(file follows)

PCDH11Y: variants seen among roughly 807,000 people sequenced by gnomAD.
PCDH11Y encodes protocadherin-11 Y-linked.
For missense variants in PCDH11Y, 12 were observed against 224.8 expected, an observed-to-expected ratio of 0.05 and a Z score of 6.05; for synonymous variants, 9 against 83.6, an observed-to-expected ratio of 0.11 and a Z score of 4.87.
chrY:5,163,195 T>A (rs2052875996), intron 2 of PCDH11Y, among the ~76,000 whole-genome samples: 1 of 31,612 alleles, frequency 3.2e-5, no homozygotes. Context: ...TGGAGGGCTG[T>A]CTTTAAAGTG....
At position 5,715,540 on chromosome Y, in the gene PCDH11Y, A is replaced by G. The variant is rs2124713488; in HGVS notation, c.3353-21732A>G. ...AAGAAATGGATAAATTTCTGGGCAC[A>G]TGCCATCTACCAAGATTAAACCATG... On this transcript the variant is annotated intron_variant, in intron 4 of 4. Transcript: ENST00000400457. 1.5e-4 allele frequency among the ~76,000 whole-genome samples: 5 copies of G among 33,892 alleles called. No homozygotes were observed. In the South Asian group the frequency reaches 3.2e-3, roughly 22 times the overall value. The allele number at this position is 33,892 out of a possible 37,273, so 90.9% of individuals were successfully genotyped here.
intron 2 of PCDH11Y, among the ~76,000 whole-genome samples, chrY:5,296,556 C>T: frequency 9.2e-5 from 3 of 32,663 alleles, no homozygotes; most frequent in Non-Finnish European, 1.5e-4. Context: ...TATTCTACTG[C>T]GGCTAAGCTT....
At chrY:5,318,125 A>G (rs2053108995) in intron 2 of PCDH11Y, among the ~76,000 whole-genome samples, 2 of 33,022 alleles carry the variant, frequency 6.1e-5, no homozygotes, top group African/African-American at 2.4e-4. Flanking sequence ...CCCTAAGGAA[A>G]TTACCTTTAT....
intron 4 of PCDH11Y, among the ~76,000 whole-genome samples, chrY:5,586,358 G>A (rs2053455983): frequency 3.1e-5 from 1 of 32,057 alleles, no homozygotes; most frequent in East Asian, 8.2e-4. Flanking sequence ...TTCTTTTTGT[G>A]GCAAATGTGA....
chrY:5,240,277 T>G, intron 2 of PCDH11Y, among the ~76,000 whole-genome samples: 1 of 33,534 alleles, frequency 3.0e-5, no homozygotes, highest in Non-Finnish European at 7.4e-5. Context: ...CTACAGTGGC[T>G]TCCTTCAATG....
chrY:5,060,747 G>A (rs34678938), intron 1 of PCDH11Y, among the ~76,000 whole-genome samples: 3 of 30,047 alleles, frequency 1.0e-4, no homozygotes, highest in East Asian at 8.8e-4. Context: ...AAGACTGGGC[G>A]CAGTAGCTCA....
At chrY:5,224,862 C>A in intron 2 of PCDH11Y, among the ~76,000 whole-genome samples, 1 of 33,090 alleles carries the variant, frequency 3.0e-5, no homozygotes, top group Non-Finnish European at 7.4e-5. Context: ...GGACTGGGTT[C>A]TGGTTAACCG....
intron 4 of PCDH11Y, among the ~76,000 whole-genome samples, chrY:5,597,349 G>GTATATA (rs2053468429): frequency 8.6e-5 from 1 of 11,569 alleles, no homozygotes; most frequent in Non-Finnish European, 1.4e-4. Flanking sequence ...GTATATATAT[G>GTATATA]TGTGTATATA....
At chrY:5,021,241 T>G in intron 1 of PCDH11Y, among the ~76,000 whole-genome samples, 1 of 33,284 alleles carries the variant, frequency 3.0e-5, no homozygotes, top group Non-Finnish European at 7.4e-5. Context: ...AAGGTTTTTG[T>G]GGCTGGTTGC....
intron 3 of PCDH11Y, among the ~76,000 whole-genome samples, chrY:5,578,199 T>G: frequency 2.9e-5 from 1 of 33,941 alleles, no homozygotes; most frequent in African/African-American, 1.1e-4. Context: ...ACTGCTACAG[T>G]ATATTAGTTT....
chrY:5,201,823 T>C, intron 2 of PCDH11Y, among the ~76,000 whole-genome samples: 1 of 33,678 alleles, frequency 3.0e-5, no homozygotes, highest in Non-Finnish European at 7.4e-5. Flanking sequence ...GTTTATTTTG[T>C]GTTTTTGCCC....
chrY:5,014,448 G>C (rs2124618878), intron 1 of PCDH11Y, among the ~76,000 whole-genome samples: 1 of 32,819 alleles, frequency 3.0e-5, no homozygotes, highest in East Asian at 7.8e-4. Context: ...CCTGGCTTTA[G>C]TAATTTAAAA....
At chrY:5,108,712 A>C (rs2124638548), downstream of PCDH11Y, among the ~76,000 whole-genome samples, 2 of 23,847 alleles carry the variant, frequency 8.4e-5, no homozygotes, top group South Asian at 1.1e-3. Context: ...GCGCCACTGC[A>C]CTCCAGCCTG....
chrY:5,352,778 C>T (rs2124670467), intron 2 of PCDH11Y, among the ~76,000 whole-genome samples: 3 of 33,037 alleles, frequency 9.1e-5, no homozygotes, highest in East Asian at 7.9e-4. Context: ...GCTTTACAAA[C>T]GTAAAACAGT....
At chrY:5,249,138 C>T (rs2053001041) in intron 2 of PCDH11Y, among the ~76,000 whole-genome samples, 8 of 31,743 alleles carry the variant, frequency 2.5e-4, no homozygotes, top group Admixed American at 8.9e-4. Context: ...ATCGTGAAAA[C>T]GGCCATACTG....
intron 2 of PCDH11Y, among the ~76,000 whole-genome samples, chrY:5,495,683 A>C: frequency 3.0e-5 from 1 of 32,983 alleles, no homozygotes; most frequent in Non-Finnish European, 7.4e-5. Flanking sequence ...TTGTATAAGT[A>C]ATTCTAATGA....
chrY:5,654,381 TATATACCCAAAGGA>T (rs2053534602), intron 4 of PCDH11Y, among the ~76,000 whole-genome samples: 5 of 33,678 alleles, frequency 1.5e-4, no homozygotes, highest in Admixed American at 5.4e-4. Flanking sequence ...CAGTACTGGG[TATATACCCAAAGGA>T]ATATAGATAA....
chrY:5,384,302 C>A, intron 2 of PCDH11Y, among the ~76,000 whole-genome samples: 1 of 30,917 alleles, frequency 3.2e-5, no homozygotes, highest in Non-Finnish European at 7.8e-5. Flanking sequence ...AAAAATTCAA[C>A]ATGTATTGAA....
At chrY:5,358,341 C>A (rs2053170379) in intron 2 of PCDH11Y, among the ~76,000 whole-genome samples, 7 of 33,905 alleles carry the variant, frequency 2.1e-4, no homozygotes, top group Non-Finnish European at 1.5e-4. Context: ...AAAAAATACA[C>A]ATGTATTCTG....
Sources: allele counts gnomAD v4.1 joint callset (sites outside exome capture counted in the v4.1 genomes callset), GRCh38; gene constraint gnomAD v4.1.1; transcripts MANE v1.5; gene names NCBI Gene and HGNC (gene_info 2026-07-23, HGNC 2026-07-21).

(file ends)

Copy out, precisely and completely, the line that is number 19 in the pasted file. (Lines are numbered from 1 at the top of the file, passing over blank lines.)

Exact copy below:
At chrY:5,249,138 C>T (rs2053001041) in intron 2 of PCDH11Y, among the ~76,000 whole-genome samples, 8 of 31,743 alleles carry the variant, frequency 2.5e-4, no homozygotes, top group Admixed American at 8.9e-4. Context: ...ATCGTGAAAA[C>T]GGCCATACTG....